Danville Company Turns Tobacco Into Fuel
Danville, VA - A company in Danville is using a signature Virginia crop to change what we put in our gas tanks.
Tyton Biosciences is working to turn tobacco into fuel.
By modifying tobacco, the biologists at Tyton have found ways to boost the crop's sugar and oil levels to make it an ideal crop for ethanol and diesel production.
They hope this science will do for Virginia what corn has done for the Midwest.
Tyton Biosciences has only been in Virginia for two years, but the tobacco they use has been a part of the commonwealth's heritage for centuries.
"It grows in 100 countries, it's easy to grow when you grow it for mass not necessarily for flavor, and it's very easy to modify, " said Tyton President Peter Majeranowski.
Majeranowski says those qualities make tobacco the perfect alternative to corn for making ethanol and biodiesel.
At their lab in Danville, the biologists are in the process of putting their research to the test.
"This particular laboratory is actually our heart if you wish, " said Vice-President Igor Kostenyuk.
Tyton uses their facilities to test tobacco plants, seeds and the oil extracted from them.
They are in the process of building a greenhouse to continue exploring ways to alter the per-acre density level at which tobacco can be planted.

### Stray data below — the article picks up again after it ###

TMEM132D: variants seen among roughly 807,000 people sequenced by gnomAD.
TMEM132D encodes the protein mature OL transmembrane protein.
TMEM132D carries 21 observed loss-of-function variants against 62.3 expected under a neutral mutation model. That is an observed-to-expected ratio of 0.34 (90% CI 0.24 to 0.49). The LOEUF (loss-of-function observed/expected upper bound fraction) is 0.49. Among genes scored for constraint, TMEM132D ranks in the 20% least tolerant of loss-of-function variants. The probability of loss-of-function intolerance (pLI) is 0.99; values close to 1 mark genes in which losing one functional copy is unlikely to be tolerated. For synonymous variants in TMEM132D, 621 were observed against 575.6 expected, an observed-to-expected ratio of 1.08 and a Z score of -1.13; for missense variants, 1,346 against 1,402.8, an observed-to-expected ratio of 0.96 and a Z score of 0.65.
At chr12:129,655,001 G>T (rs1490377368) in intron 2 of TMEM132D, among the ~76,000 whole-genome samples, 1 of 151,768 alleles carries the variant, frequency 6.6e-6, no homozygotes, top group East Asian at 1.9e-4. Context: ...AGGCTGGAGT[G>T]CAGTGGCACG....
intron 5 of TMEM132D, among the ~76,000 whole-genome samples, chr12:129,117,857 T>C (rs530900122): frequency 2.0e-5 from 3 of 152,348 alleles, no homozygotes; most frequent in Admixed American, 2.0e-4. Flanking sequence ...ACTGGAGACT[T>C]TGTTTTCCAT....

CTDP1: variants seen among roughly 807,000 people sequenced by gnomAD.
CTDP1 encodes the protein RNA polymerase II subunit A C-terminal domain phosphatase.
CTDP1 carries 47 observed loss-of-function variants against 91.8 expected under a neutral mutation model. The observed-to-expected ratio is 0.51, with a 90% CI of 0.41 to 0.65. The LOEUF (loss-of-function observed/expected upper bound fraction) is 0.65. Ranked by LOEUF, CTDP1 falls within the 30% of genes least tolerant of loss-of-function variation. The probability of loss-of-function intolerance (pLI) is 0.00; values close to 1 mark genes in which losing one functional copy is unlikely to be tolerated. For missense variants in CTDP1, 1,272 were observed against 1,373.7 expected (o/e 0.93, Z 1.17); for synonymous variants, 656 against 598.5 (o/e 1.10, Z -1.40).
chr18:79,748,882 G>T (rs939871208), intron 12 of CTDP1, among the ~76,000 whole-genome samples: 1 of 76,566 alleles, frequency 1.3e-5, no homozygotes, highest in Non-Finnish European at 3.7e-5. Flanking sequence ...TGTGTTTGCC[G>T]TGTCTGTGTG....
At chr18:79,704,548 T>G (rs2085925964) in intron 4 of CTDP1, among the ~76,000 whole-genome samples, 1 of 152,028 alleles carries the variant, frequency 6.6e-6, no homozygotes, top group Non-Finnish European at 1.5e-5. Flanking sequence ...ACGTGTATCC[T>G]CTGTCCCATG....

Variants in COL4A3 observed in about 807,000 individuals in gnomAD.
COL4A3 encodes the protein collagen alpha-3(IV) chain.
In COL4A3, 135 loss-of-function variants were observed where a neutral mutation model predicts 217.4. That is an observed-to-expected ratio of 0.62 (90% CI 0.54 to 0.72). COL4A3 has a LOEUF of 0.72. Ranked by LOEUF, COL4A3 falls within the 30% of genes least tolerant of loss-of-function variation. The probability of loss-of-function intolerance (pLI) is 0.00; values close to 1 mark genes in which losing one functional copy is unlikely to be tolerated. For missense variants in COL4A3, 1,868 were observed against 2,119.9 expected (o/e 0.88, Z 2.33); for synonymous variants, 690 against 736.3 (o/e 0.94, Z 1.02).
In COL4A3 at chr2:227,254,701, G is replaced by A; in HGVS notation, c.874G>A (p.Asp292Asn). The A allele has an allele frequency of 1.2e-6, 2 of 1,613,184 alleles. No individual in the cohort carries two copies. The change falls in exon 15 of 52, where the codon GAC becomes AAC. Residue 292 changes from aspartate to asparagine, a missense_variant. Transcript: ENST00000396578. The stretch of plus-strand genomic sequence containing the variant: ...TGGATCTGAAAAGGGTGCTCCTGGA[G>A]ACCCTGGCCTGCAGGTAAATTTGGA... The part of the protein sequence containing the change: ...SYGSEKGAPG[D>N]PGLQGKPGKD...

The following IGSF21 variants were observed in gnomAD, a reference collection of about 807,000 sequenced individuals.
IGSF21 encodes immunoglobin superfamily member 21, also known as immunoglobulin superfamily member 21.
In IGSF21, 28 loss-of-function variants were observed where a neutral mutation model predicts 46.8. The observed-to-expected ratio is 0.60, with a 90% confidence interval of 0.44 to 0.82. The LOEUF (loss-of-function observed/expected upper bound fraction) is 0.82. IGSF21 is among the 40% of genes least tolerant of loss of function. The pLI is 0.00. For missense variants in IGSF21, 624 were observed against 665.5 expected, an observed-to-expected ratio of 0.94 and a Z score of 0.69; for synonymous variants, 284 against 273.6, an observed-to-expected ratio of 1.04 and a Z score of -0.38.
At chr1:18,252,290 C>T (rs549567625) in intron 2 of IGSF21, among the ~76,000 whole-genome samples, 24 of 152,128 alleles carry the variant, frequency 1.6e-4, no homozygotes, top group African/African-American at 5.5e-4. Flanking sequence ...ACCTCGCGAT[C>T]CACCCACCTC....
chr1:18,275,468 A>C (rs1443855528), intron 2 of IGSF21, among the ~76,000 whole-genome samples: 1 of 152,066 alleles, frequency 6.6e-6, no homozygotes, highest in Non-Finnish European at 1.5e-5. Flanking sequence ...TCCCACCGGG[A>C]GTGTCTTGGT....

"We implement the cutting edge molecular biology and genetic engineering techniques to improve and actually create our tobacco varieties, " Kostenyuk said.
Majeranowski says they hope to be working in a commercial market in the next two to three years.
Their goal is to work with the energy industry to get the product from their labs to customers around the world, and Tyton is glad to be surrounded by such vast knowledge of the golden leaf.
"There's so much tobacco know-how here, there's so much history that we can't find in textbooks or literature. Just working with local farmers, it's been fantastic for us and we look forward to being a part of this community, " said Majeranowski.
Tyton officials say using tobacco will be more cost effective than the corn and soy crops currently used for fuel, and they hope this science will help the United States become less dependent on foreign countries for its fuel needs.